Record number of journalists killed in 2009
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Last Updated: Thursday, February 18, 2010, 00:05
  
Washington: A record number of journalists were killed in 2009, including a massacre of the scribes in Philippines, making it the worst year for press freedom, a New York-based watchdog said on Wednesday.

In its latest annual report 'Attack on the Press' the Committee to Protect Journalists said massacre of 31 journalists and media workers in the Philippines pushed the 2009 media death toll to the highest level ever recorded by it.

The number of journalists in prison also rose, fueled by the fierce crackdown in Iran, it said.

According to the report 70 journalists were killed in 2009 including 32 in the Philippines, nine in Somalia, four in Iraq, four in Pakistan and three in Russia.

It said 24 other journalists were killed but the motive couldn't be confirmed, including six in Mexico and three in Pakistan.

Iran, the report said experienced one of the most vicious and widespread crackdowns on the press in recent memory.

"More than 90 journalists were rounded up to suppress dissent in the aftermath of the disputed June presidential election," said Joel Simon, its executive director.

"When CPJ conducted its annual census of imprisoned journalists on December 1, Iran still held 23 writers and editors, a figure second only to China. It could have been even worse," he wrote.

In China, Simon said the number of journalists in jail has declined from a high of 42 in 2004 to 24 now.

"Traditional journalists who expose corruption are more likely now to be fired than to be hauled off to jail. But questioning the Communist system remains off-limits: Most of the journalists in jail in China today are online freelancers who do just that. Defending these opinion journalists is a huge test," he wrote.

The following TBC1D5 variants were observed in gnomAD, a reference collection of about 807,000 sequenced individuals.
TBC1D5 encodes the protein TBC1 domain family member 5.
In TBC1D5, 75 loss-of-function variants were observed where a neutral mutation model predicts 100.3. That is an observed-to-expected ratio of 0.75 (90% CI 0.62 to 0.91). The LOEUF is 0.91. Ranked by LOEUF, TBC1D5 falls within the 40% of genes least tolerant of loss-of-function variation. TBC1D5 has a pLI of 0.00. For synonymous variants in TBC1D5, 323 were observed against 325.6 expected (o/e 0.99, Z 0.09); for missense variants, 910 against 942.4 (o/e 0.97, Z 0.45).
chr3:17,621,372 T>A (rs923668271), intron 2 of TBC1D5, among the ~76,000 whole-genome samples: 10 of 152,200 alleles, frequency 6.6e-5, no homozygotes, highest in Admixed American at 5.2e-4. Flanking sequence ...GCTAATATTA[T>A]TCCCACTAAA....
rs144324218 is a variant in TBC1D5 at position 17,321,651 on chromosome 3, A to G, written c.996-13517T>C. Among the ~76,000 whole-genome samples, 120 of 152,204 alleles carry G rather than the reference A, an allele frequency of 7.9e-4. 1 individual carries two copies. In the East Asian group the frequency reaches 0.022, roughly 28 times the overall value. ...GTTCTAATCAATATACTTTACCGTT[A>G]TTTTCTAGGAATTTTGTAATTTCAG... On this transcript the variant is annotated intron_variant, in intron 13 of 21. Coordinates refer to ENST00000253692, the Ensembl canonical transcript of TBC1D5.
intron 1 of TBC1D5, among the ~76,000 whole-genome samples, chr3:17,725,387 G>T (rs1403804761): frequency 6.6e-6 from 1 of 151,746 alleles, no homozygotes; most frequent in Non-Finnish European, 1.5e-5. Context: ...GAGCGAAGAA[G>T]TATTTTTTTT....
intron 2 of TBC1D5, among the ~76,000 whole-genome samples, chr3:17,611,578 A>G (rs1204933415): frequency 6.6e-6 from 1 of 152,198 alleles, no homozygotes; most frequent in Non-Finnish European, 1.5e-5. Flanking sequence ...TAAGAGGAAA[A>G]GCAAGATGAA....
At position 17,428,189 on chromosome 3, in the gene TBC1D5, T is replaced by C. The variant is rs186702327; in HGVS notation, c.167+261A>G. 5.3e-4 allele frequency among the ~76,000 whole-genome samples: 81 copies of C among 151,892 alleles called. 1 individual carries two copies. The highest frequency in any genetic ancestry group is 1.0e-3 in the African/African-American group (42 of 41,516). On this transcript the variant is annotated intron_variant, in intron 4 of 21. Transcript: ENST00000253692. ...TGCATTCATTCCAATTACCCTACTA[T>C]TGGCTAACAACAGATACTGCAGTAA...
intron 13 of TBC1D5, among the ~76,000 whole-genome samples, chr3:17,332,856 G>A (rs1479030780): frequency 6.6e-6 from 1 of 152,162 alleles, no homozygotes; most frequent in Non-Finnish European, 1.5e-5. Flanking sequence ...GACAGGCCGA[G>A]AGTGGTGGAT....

In his preface, Newsweek International's Editor Fareed Zakaria said the closure of many foreign bureaus and reliance on freelancers abroad means that these stringers are taking on added risks.

"In this new environment, local journalists are going to assume added importance?and they will take on greater risk. In increasingly violent Pakistan, local reporters face threats from the Taliban and other militants, along with government harassment and military indifference to their safety," he said.

"The Somali press corps has suffered devastating losses. Nine local journalists were killed in 2009 and dozens have fled the country. Western correspondents ? few of whom venture into Somalia now?no longer have sources to rely upon for basic information," he said.

In China, Simon said the number of journalists in jail has declined from a high of 42 in 2004 to 24 now.

"Traditional journalists who expose corruption are more likely now to be fired than to be hauled off to jail. But questioning the Communist system remains off-limits: Most of the journalists in jail in China today are online freelancers who do just that. Defending these opinion journalists is a huge test," he wrote.

In his preface, Newsweek International's Editor Fareed Zakaria said the closure of many foreign bureaus and reliance on freelancers abroad means that these stringers are taking on added risks.

"In this new environment, local journalists are going to assume added importance?and they will take on greater risk. In increasingly violent Pakistan, local reporters face threats from the Taliban and other militants, along with government harassment and military indifference to their safety," he said.

"The Somali press corps has suffered devastating losses. Nine local journalists were killed in 2009 and dozens have fled the country. Western correspondents ? few of whom venture into Somalia now no longer have sources to rely upon for basic information," he said.

PTI


First Published: Thursday, February 18, 2010, 00:05


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